Preparation – ✮✮✮✮
The Algerian Football Federation were the subject of criticism having only scheduled two pre-tournament friendlies. In retrospect, booking just the couple of matches limited opportunities for coach Vahid Halilhodzic to exercise different tactical schemes, but one beneficial aspect of playing twice is greatly reducing the risk of injury.
Romania are a primarily defensive outfit, while Armenia’s were more inclined to attack. The contrast in styles paid off as Algeria solidified two main tactical schemes: A 4-3-3 counter-attacking game plan, with a low bloc and speedy wingers; and a 4-2-3-1 formation that focused on monopolizing possession and creating goalscoring opportunities. The 4-3-3 was used against Belgium and Germany, while the 4-2-3-1 proved a success against South Korea and Russia.
Managerial Performance – ✮✮✮✮
Halilhodzic’s coaching was proactive in the sense that he prepared tailored game plans for each of Algeria’s opponents. Nevertheless, the Bosnian caretaker faced criticism at home for his counter-attacking tactics against Belgium and Germany, which are unorthodox in Algerian footballing tradition, and there were also questions on Algeria’s fitness levels as the North Africans had the tendency to drop in the second half of matches.
Notwithstanding, Halilhodzic leaves Brazil with his head held high. He used 19/20 different outfield players, nearly executed preparatory tactics, and took Algeria to unprecedented heights. For that, he deserves the utmost respect.
World Cup Performance:
Defence – ✮✮✮
Algeria’s defence struggled to exorcise old demons as they didn’t handle crosses from the flanks and failed to shackle dynamic forwards. Of the 7 conceded goals, 4 came from crosses launched into the box. Dries Mertens, Son Heungmin, and Andre Schurrle all caused the rearguard problems with dynamic movement and lethal finishing. Defending from lateral positions is one weakness Christian Gourcuff must address before the 2014 Africa Cup of Nations.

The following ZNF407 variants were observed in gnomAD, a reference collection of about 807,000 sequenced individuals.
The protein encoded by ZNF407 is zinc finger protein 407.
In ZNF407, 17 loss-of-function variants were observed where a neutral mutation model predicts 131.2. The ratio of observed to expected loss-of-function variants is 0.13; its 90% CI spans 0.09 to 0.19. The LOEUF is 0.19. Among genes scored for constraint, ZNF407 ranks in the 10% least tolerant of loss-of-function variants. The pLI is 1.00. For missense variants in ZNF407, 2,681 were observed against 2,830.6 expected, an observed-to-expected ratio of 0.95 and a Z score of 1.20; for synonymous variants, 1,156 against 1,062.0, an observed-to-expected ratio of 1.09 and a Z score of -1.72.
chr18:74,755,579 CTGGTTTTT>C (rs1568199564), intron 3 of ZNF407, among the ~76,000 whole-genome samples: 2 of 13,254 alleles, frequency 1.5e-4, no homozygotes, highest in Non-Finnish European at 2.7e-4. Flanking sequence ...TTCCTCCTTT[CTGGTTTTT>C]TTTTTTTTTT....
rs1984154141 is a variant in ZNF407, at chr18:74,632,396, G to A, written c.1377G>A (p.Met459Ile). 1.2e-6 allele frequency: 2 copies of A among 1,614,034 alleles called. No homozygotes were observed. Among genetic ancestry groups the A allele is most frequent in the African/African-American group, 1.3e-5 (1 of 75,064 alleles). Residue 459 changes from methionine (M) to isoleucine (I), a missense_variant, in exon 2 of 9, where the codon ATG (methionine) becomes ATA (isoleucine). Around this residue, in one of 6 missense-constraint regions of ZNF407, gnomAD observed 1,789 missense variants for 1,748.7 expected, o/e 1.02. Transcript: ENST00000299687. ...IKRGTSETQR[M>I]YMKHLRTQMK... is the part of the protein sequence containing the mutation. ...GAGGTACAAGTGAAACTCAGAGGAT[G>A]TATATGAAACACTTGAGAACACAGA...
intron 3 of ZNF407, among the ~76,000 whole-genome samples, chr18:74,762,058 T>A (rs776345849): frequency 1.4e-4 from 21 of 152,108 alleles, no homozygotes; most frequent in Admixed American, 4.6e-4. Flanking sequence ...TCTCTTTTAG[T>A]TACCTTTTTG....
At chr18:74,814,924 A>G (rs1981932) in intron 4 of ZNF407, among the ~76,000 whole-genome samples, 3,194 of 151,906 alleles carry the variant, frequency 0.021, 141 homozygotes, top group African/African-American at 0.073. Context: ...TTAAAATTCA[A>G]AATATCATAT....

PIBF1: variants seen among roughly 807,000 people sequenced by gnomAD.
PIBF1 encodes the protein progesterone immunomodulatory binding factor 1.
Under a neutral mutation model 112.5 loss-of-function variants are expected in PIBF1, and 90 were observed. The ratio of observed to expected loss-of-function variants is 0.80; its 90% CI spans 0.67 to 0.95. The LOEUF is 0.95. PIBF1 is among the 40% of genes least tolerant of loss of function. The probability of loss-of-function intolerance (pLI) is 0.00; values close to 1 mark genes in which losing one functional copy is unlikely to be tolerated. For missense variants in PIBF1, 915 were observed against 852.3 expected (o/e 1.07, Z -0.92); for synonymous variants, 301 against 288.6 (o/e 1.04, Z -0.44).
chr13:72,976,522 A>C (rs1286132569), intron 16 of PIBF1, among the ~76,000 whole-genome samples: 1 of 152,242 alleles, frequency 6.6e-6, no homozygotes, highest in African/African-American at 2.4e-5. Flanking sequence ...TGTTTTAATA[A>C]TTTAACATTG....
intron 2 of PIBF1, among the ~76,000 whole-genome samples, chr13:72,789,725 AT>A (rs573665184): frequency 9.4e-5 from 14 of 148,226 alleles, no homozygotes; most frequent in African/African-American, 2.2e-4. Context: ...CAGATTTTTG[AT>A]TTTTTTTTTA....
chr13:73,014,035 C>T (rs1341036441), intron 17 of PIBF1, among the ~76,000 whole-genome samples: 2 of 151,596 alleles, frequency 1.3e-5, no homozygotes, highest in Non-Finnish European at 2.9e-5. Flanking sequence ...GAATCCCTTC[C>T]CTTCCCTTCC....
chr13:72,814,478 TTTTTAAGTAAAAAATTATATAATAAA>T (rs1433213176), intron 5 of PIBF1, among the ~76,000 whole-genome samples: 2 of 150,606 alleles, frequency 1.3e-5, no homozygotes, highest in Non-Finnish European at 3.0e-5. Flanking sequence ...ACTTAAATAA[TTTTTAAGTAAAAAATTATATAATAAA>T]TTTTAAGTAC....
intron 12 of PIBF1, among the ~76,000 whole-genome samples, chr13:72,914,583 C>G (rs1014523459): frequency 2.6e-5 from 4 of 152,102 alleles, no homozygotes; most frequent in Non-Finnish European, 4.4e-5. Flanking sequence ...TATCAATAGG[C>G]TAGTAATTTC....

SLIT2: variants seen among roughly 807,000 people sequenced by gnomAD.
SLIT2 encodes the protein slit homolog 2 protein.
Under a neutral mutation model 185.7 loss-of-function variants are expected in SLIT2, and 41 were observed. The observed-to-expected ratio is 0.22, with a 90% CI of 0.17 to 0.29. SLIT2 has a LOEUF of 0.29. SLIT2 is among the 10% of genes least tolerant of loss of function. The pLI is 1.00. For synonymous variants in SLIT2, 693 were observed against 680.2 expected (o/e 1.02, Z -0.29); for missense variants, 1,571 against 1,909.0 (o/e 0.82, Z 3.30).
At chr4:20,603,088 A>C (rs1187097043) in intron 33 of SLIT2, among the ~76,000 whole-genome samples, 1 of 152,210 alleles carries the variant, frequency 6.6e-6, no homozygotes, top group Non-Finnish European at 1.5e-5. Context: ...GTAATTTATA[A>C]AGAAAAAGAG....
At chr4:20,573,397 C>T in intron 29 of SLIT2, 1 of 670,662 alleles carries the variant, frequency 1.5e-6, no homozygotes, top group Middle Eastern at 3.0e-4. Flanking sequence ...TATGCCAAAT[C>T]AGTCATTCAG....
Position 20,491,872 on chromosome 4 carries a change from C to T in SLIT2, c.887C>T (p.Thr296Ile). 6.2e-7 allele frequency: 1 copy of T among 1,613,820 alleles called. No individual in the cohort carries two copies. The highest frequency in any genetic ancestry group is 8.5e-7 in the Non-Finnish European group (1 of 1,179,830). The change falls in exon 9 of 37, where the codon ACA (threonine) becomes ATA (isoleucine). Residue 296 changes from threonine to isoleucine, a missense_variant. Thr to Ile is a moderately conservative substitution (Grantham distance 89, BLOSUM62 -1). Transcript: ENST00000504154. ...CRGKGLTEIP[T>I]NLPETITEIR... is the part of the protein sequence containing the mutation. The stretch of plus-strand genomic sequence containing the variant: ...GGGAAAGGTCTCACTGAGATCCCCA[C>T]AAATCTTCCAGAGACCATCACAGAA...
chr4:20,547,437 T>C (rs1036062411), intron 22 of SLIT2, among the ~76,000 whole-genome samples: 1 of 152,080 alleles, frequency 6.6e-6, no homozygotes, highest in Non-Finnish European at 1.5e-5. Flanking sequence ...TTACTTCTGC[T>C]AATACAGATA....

Midfield – ✮✮✮✮ Carl Medjani and Nabil Bentaleb formed a formidable double pivot, fulling of energy and industry. In fact, after three matches played, no other player in Brazil ran more than Bentaleb off the ball. Medjani’s musculature compensated, for the Tottenham midfielder’s slight physique in tackles and aerial duels. Yacine Brahimi orchestrated attacking moves in front the double pivot with formidable efficiency, nothing a goal and two assists.
Attack – ✮✮✮✮ Algeria scored 7 goals in 4 matches and scored in every single of their matches. At its best, the Algerian attack was an irresistible, free-flowing barrage of incursions, fashioning opportunities at will. After a goal against Belgium, however, the Algerians retreated into a defensive shell, desperately clinging to a single-goal lead that inevitably slipped away. Another negative point was end product against Germany, though it was made to look worse than it was due to Manuel Neuer’s sweeper-keeper heroics.
Player of the tournament – Raïs M’Bolhi
There are several legitimate candidates that stood out for Les Fennecs. Islam Slimani scored two goals and was a constant menace to opposing defences. Sofiane Feghouli was the only outfield player to play every minute of the tournament, not allowing fatigue to temper his passion or leadership. But Algeria’s undoutbted player of the tournament has to be Rais M’Bolhi. The CSKA Sofia man impermeably marshalled Algeria’s cages, making decisive stops in each of their four matches.
Tournament verdict – ✮✮✮✮✮
It would be cruel to not award a full score to this Algerian national team. They accomplished their pre-tournament goals and pushed the world champion Germans to their very limit. Exciting times lie ahead